Without fail, Betty Reimer has been serving peppernut buns every Easter weekend — not even the COVID-19 pandemic can stop her.
But this year, Reimer will serve the treat — a mix between hot cross buns and paska topped with sprinkles — to her children, grandchildren and great-grandchildren by doorstep instead of the tabletop of her Steinbach, Man., home.
“I will be baking them peppernut buns as usual and delivering them to the families, just setting them on their doorstep and leaving — keeping that distance,” said Reimer, one of the authors of Mennonite Girls Can Cook.
The Reimers are heeding the message from public health officials to stay home and forgo big get-togethers to help disrupt the spread of the contagious coronavirus.
Reimer and her husband John will stay inside. On Sunday morning, they’ll watch their church’s live-streamed Easter service from the comfort of their living room, and take part in communion — eating a small piece of bread and drinking a sip of juice.
Message still resonates
This Easter will be abnormal, but the meaning of the holiday will still resonate, Reimer said.
“It’s very important, because we’re celebrating Jesus, that he came to this world, that he died and he rose again,” he said. “That’s the most important thing.”
Pastor Gavin Hall already knows he’ll miss hearing his congregation on Sunday.
Like a chorus, they would have proclaimed as one, “He has risen, indeed,” to celebrate the resurrection of Jesus Christ.
“It’s one of those great, great moments — it’s the high point of the Christian calendar,” said Hall, lead pastor at Charleswood Community Church in Winnipeg, of commemorating Easter.
“To have it taken away in terms of the communal gathering, you feel a little cheated or just a little anticlimactic and so we’re trying to figure out ways around that.”
Hall will still preach on Sunday morning. His service will be available online.
Instead of their usual potluck breakfast on Good Friday, he’ll share a video devotional from his home, while his wife, Becky, the worship director at the church, provides the music.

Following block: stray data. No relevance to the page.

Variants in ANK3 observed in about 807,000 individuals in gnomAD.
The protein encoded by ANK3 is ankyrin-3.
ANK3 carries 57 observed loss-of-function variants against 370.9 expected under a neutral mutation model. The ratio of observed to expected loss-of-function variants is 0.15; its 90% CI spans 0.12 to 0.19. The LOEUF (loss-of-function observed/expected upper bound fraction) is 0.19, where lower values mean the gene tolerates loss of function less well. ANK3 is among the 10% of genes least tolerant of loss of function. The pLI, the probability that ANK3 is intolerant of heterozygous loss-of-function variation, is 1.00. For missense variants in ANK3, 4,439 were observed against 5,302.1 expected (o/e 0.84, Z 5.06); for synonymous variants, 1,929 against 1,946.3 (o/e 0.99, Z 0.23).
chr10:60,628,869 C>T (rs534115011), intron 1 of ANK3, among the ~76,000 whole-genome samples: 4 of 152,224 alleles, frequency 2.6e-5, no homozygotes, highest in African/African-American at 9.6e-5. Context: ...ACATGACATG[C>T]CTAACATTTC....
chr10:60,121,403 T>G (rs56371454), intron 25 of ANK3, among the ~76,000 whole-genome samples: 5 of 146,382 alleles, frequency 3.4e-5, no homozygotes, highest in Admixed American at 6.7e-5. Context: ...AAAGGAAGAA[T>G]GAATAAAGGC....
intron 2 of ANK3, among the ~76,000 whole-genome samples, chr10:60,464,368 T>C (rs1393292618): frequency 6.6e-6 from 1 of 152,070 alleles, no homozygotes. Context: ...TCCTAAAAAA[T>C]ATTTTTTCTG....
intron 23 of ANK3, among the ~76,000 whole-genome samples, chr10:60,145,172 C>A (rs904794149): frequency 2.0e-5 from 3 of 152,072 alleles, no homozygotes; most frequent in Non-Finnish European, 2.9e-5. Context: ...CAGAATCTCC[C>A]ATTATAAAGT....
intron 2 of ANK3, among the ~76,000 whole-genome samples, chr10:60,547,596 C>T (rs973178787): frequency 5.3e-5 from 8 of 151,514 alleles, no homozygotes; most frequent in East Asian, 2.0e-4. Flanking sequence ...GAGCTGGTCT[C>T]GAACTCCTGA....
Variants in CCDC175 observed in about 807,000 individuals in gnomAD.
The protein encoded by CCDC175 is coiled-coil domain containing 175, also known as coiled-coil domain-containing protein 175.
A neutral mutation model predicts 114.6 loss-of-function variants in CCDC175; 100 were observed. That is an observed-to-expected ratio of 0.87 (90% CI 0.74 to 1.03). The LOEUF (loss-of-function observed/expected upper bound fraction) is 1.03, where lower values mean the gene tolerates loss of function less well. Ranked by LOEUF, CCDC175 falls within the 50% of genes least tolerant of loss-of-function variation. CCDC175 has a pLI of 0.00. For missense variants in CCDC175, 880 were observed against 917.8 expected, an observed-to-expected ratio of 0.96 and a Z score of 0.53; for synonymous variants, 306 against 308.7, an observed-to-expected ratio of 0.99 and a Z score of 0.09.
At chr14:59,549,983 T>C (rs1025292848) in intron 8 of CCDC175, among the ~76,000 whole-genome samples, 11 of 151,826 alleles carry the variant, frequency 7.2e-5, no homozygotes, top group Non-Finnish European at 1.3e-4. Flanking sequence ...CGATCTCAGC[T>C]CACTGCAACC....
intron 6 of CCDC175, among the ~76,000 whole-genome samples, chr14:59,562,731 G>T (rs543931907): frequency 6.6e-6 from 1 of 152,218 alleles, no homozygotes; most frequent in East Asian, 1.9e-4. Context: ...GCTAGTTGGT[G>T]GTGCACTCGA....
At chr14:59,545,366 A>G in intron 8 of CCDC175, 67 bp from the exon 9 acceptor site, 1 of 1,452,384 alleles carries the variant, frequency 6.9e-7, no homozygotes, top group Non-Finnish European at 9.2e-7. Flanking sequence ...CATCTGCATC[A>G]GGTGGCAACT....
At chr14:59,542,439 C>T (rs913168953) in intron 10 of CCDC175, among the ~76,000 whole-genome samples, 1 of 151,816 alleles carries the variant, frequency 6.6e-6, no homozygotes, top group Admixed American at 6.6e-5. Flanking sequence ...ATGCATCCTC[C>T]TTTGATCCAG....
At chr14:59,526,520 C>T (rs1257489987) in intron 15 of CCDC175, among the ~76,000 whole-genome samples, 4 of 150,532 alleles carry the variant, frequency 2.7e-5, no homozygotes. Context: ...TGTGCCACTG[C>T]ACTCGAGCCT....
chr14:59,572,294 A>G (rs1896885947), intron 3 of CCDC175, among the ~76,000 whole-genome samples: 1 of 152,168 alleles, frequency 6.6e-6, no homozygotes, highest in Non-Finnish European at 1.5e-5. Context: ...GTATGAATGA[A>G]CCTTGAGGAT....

While his church community is scattered from the pews, Hall said the message of the gospel is maybe hitting closer to home.
Everyone faces a trying time during this pandemic, but the church has known challenges before, from famines to wars and resettlements, Hall said.
Church has ‘been here before’
“We read ourselves a little bit more into the story and think, ‘OK, we, the church — we’ve been here before, we’ve been in times of distress and confusion,” Hall said.
The taste of chocolate, however, will bring some normalcy to families celebrating Easter.
“I think people want Easter chocolate because it’s what’s familiar this weekend, and I do think that chocolate is comfort food,” said Constance Menzies, owner of Chocolatier Constance Popp in Winnipeg.
Sales, she said, will probably be half of her total last Easter, even as the amount of phone orders soars.
“We only have one [phone] line and boy, we’ve been finding this is a problem,” said Menzies, who has dedicated one employee to handling the phone and her friends to help with deliveries.
And she hasn’t forgotten about the Easter Bunny.
Every year, Menzies surprises three customers with a chocolate bunny delivered to their front door. This year, she’s taking suggestions for who’s deserving on her Instagram page.
People have been nominating health-care workers on the front lines of COVID-19, people suffering health issues and children worried the Easter Bunny cannot visit because of physical distancing orders.
“We’re getting some really heartbreaking stories of why people deserve this.”
Sariviea Ellsworth wanted to give the kids of Thompson, Man., something to celebrate.
“The kids are obviously upset. They’re not getting their regular Easter. They’re not at school doing all the fun activities,” she said.
She created a photo scavenger hunt to encourage families to drive around the city after the the annual Thompson Easter Egg hunt was sidelined.
One stop will be the driveway of Ellsworth’s home, where each child can pick up a small plastic egg with Easter treats thoroughly cleaned, of course.
“It’s just a way to get people off their sofa and out, going around town,” she said.
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